Description: Background: Despite the announcement of the 8th edition of TNM classification, the 7th edition (2010) is still being used for prognostic assessment in gastric cancer patients. A proposed new staging system (termed as the Kiel proposal) claims to offer a better prognostic stratification. Our objective was to retrospectively evaluate the Kiel proposal and compare it with the 6th and 7th TNM editions on a collected database. Methods: We retrospectively analyzed gastric cancer patients who had undergone surgical resection without any previous treatment from selected randomized trials and from a cohort of patients operated at the University Hospital of Mainz, Germany. All patients were restaged using the 3 staging systems and overall survival was estimated and compared. Results: A study population of 491 patients was identified. Relevant changes in stage distribution between the 6th and 7th TNM and the Kiel staging systems were observed. The 6th classification appears to display the best discriminatory measures. The Kiel staging system is slightly less prognostic than the TNM editions, but provides clearly separated strata as with the 6th edition. Conclusions: The Kiel staging system for gastric cancer appears promising in terms of simplicity, predictability and applicability and should be taken into consideration in future TNM revisions.
    Keywords: Research Article ; Gastric Cancer ; Staging System ; Prognosis ; Medicine
    ISSN: 2296-5270
    E-ISSN: 2296-5262
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  • 5
    Language: English
    In: Digestive Diseases, April 2005, Vol.22(4), pp.345-350
    Description: Despite surgical R0 resections, patients with gastric cancer stage UICC II–III have a high risk of recurrence and metachronic metastases. Preliminary evidence exists that adjuvant chemotherapy or neoadjuvant chemo(radio)therapy protocols may improve the prognosis of these patients undergoing surgery of gastric cancer with curative intention. As for palliative regimens, 5-fluorouracil and cisplatin are integral components of such (neo)adjuvant strategies. Upcoming cytostatic agents, i.e. irinotecan, docetaxel, oxaliplatin, and oral fluoropyridines are currently under investigation in new multimodality treatment regimens and may further increase R0 resection rates and may prolong disease-free and overall survival in the treatment of advanced localized gastric cancer.
    Keywords: Review Article ; Gastric Cancer ; Chemotherapy ; Adjuvant/Neoadjuvant Therapy ; Chemoradiation ; Taxanes ; Irinotecan ; Oxaliplatin ; Docetaxel ; Medicine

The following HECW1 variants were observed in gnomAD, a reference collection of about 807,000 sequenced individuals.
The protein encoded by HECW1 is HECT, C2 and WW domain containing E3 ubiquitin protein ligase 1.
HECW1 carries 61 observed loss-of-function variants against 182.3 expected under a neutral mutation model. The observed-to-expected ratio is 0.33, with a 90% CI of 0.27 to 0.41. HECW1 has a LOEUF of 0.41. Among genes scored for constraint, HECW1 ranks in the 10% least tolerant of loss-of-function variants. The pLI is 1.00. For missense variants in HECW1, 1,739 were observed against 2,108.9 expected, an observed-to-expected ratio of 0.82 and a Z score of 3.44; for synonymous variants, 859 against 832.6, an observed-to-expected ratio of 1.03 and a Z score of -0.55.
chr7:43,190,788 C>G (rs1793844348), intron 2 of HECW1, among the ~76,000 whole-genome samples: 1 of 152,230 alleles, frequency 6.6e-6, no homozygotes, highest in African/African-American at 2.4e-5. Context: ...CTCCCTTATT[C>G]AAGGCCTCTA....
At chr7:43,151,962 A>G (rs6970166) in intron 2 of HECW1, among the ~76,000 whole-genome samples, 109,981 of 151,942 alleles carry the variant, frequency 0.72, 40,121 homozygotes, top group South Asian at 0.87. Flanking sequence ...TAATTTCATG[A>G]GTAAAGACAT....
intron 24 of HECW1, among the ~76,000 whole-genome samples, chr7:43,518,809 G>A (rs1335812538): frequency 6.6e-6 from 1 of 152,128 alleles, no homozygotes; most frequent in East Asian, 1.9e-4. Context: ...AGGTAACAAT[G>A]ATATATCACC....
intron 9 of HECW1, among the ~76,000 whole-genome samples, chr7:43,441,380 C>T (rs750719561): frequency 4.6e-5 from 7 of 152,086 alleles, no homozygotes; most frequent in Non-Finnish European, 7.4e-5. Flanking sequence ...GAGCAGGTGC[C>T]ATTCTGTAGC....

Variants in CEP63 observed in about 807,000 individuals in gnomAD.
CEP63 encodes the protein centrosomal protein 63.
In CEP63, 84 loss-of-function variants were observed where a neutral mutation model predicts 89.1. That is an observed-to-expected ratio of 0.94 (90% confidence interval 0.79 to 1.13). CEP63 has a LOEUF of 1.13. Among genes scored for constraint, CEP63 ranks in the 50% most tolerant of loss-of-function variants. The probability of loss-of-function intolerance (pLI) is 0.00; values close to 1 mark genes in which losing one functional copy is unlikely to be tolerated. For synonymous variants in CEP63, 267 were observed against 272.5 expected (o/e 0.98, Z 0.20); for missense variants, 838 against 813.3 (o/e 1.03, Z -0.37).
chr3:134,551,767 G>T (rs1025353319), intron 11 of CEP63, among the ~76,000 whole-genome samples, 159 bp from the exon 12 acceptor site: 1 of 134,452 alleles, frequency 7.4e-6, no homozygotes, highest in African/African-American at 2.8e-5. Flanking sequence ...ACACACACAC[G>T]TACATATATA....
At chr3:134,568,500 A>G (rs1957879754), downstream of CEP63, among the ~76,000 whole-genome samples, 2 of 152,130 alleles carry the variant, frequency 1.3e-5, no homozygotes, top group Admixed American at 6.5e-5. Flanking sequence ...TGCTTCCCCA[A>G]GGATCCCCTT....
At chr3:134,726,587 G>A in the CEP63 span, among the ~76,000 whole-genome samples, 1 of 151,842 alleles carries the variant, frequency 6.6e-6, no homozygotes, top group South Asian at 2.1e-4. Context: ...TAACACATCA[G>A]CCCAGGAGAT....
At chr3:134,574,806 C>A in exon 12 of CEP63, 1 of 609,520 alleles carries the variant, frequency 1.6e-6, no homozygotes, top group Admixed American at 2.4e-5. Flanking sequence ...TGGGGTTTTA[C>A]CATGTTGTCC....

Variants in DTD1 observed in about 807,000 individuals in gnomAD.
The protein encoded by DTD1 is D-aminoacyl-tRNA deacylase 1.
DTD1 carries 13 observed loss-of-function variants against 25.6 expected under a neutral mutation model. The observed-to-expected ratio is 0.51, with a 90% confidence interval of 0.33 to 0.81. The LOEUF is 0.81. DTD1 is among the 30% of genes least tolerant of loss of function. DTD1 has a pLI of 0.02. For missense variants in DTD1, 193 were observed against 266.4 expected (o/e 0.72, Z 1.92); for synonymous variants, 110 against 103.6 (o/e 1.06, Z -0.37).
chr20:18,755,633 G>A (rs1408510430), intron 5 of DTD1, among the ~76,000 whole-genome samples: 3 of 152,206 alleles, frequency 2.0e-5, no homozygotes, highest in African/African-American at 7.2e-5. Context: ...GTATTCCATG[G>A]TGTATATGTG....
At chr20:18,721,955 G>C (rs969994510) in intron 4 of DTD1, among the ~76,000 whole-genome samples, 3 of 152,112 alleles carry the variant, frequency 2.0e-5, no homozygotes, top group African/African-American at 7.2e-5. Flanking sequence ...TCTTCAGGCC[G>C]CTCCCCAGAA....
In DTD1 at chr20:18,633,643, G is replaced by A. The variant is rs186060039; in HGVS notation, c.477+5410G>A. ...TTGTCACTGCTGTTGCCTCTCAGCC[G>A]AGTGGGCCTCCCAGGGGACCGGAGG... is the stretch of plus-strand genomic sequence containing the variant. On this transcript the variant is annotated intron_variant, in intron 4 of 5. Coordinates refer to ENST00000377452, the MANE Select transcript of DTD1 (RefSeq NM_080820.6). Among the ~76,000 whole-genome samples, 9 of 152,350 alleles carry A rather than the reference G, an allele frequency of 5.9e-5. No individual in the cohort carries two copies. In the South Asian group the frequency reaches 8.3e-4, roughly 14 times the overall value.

ISBN: 9783805579230
    ISBN: 3805579233
    ISSN: 0257-2753
    E-ISSN: 1421-9875
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  • 6
    Language: English
    In: Digestive Diseases, April 2005, Vol.22(4), pp.396-401
    Description: Background: Esophagectomy for motility disorders is performed infrequently. It is indicated after failed medical therapy, pneumatic dilation, non-resecting surgical and redo procedures. Patient selection in this group is challenging and the operative risk has to be weighted carefully against the poor quality of life with persistent or recurrent dysphagia. Patients and Methods: Between September 1985 and April 2004, subtotal esophageal resections for advanced esophageal motility disorders of the esophagus not responding to previous therapy were carried out in 8 patients (6 females, 2 males). The median age of these patients was 59.5 (43–78) years. Six patients had a megaesophagus secondary to achalasia; 1 patient had a non-specific esophageal motility disorder with a stenosis of the distal esophagus, and a further patient displayed a recurrent huge epiphrenic diverticulum, which occurred in the context of a collagen disease. A transhiatal esophageal resection was performed in 6, a transthoracic procedure in 2 patients. Results: Outcome assessment was done after a follow-up of 43.5 (3–92) months in median. The resection and reconstruction of the esophagus in advanced and decompensated esophageal motility disorders led to a marked functional improvement with disappearance of dysphagia. Despite previous therapeutic failures, alimentation could be restored in all patients. Conclusion: Favourable long-term results with significant improvement of symptoms can be achieved by esophageal resection even if endoscopic therapy or non-resecting surgical measures are unsuccessful. Transhiatal esophagectomy with gastric pull-up should be the preferred procedure and can be performed with low morbidity.
    Keywords: Original Paper ; Long-Term Results ; Motility Disorders of the Esophagus ; Advanced and Decompensated Stage ; Subtotal Esophageal Resection ; Perioperative Course ; Medicine
    ISBN: 9783805579230
    ISBN: 3805579233
    ISSN: 0257-2753
    E-ISSN: 1421-9875